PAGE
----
Recently The New Yorker magazine ran an extended piece called “Unreliable Narrator” (February 11, 2019), in which it takes best-selling author Dan Mallory to task for (among other things) the close similarities of his new novel The Woman in the Window with Paula Hawkins’s The Girl on the Train, not to say the film, Copy Cat, a thriller from 1995 starring Sigourney Weaver. In the end, Mallory gets a bye for his “debts” (even though he doesn’t acknowledge them): such plotting, in thrillers, is “part of the genre.” That ugly word plagiarism hardly surfaces in the article. But Mallory’s bald-face borrowing was enough to cause “discomfort” in the publishing industry.
I felt a similar discomfort when reading Leila Slimani’s New Yorker short story “The Confession” (February 18/25). I immediately thought of the Russian author Isaac Babel, and his iconic short fiction, “My First Goose” (1926). The resonances between the two narratives are hard to miss.
Both stories concern an “educated” young man with physical shortcomings. Babel’s is a “powderpuff with glasses,” Slimani’s, a “judge’s son with thin arms.”
Both young men end up among burly specimens of masculinity, Babel’s narrator in a regiment of cheerfully illiterate Cossacks, Slimani’s in “the country” among young, village men who “laugh and burp” while he lies alone.
Both narrators are taken in hand by an imposing “commander” figure: Babel’s “Savitsky . . . with his giant body,” Slimani’s “Achour . . . a big strong man, a colossus.”
Both men try to save the stripling narrators from themselves by encouraging a “manly” act. Babel’s narrator kills an old woman’s goose and makes her cook it. Slimani’s narrator rapes a girl “who roamed the streets like the dog that she was.”
After their brutal acts, both narrators are honored by the other, more manly men. “You go out and ruin a lady, the boys will be patting you on the back,” writes Babel. Slimani writes, “The men congratulated me, slapping me on the shoulders.”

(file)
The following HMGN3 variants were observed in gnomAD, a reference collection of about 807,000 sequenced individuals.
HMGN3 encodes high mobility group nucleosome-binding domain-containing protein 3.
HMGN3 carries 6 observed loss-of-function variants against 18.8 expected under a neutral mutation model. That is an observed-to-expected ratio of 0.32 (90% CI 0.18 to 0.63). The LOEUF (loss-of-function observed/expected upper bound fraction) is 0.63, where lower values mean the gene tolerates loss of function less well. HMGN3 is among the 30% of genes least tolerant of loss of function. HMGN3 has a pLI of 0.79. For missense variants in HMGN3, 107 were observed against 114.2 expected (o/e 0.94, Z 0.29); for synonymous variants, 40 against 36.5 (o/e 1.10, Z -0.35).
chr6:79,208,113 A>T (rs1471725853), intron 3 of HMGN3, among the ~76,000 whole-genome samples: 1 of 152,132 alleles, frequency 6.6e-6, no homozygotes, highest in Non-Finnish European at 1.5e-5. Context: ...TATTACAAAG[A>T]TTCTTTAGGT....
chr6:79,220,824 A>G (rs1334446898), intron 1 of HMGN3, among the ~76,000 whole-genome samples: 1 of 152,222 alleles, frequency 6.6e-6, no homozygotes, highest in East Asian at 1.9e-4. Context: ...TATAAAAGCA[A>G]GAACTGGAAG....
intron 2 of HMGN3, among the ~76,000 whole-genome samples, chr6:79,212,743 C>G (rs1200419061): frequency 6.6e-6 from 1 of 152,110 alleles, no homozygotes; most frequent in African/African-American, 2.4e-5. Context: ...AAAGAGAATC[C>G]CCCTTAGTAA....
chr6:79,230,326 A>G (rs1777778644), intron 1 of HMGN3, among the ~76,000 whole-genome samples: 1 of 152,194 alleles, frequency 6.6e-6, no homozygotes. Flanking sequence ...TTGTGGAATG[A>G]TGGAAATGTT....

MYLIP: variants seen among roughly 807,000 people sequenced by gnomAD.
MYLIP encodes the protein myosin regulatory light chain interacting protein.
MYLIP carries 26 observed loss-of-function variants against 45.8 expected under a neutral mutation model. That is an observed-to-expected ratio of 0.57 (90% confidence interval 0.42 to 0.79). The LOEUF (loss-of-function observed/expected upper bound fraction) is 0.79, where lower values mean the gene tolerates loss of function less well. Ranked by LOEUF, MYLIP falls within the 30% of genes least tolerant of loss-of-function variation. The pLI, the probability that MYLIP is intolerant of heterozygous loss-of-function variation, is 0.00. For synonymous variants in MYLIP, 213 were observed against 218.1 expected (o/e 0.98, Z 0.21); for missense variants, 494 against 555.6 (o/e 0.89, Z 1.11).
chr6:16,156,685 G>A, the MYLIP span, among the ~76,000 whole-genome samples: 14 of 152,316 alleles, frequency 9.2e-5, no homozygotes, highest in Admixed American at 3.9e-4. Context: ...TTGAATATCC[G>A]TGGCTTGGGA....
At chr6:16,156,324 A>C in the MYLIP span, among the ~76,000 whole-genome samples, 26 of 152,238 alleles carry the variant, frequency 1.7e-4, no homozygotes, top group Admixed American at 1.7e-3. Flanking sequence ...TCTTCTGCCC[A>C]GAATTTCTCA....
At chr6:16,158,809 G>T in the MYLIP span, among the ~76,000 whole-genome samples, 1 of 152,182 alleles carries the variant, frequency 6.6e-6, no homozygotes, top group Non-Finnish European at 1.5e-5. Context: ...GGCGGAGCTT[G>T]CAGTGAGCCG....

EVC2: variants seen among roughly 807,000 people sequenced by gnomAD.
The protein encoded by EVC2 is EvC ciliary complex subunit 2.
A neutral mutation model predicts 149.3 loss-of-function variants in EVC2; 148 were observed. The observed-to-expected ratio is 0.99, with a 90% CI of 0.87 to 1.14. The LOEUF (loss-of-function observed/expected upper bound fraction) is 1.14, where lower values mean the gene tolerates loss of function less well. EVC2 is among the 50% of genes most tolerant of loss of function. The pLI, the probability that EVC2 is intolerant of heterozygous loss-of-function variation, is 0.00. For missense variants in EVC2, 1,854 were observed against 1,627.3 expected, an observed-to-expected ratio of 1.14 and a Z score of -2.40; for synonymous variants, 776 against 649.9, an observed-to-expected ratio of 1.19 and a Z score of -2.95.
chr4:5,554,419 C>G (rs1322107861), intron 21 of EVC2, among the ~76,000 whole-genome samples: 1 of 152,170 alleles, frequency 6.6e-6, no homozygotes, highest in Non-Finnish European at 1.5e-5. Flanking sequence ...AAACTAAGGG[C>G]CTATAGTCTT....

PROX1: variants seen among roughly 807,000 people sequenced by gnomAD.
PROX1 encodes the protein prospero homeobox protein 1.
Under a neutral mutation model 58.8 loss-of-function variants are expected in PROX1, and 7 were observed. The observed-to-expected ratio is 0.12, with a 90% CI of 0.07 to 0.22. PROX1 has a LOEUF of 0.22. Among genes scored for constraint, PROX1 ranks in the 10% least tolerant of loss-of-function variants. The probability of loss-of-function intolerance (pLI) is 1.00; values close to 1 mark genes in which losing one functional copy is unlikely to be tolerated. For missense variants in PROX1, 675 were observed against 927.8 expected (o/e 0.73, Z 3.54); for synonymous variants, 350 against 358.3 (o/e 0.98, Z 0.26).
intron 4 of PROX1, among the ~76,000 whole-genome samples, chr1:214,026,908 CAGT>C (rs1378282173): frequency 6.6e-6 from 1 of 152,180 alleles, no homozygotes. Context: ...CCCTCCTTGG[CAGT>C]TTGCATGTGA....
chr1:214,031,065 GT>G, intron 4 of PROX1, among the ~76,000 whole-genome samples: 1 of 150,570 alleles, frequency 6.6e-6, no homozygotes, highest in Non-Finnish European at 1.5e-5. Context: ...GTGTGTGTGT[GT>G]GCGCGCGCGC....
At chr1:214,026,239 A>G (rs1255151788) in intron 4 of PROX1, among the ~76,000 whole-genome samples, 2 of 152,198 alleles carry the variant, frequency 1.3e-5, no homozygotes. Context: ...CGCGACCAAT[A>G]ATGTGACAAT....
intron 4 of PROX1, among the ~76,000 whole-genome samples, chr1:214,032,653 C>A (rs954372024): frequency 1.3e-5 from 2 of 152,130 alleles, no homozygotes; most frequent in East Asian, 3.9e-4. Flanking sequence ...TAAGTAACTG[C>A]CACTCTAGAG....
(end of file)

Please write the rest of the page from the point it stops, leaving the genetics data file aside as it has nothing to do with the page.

And finally, both narrators, following their debasement by false bravado, are plagued by bad dreams. For Babel’s narrator, “My heart, stained with bloodshed, grated and brimmed over.” For Slimani’s narrator, “My heart shrank . . . by the consciousness of a crime whose name I dared not speak.”
What to make of such narrative parallelism? When do we bring up the other “P” word? Yes it’s an intertextual, postmodern world, but it’s clear to me that at some point in her literary life Ms. Slimani has read “My First Goose.” Babel’s story, once read, never leaves you. So perhaps Slimani’s echoes of Babel are unconscious/subconscious. Or maybe they’re a sly homage looking to engage the attentive reader (c’est moi). Still, if it’s an homage, Slimani should make that clear: give me one key word from “My First Goose” that confirms her reading of Babel’s story, and I’ll be satisfied. As is, questions of literary debt remain–ones The New Yorker should have anticipated by publishing this story in the first place.